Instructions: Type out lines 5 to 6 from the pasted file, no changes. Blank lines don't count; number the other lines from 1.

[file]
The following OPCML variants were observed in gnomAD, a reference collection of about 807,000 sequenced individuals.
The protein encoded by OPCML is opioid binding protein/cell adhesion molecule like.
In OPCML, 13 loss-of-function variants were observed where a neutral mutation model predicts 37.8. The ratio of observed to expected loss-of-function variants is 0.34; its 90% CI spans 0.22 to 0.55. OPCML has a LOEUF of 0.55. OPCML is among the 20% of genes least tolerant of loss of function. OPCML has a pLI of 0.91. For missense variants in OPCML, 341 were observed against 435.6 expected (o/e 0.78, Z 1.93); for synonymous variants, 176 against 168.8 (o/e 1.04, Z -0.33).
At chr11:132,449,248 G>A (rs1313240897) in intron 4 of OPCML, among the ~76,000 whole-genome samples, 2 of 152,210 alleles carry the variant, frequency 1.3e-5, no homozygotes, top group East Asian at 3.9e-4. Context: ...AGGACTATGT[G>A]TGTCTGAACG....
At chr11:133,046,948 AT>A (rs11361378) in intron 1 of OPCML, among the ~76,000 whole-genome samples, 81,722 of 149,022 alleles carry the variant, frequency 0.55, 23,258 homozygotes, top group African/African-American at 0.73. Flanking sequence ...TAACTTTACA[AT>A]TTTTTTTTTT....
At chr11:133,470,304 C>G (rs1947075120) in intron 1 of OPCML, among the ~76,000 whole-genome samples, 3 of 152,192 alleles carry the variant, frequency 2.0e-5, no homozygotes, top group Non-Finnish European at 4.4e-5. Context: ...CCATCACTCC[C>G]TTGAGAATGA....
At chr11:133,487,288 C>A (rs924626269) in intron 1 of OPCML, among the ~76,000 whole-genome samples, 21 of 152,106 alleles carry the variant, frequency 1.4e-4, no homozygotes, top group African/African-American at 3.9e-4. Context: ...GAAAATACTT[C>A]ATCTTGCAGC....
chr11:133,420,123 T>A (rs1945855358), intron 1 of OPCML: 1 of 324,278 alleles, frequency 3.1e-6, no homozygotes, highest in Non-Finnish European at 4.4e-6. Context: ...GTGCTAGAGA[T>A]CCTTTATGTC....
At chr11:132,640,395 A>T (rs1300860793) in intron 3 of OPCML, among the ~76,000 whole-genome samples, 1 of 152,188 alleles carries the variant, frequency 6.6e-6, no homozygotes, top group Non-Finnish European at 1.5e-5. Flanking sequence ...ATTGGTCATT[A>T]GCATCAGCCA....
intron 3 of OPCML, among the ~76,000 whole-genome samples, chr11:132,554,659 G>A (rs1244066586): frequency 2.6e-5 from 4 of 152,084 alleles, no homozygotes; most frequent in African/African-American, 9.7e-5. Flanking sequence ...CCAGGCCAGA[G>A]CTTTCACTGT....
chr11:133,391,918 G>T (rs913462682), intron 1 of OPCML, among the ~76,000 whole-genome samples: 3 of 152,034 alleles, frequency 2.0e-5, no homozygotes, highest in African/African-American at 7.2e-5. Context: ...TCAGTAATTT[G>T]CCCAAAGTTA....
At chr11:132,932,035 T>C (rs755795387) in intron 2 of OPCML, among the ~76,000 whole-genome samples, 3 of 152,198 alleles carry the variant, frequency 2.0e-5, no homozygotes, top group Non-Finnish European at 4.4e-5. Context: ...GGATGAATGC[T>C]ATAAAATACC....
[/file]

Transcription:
At chr11:133,046,948 AT>A (rs11361378) in intron 1 of OPCML, among the ~76,000 whole-genome samples, 81,722 of 149,022 alleles carry the variant, frequency 0.55, 23,258 homozygotes, top group African/African-American at 0.73. Flanking sequence ...TAACTTTACA[AT>A]TTTTTTTTTT....
At chr11:133,470,304 C>G (rs1947075120) in intron 1 of OPCML, among the ~76,000 whole-genome samples, 3 of 152,192 alleles carry the variant, frequency 2.0e-5, no homozygotes, top group Non-Finnish European at 4.4e-5. Context: ...CCATCACTCC[C>G]TTGAGAATGA....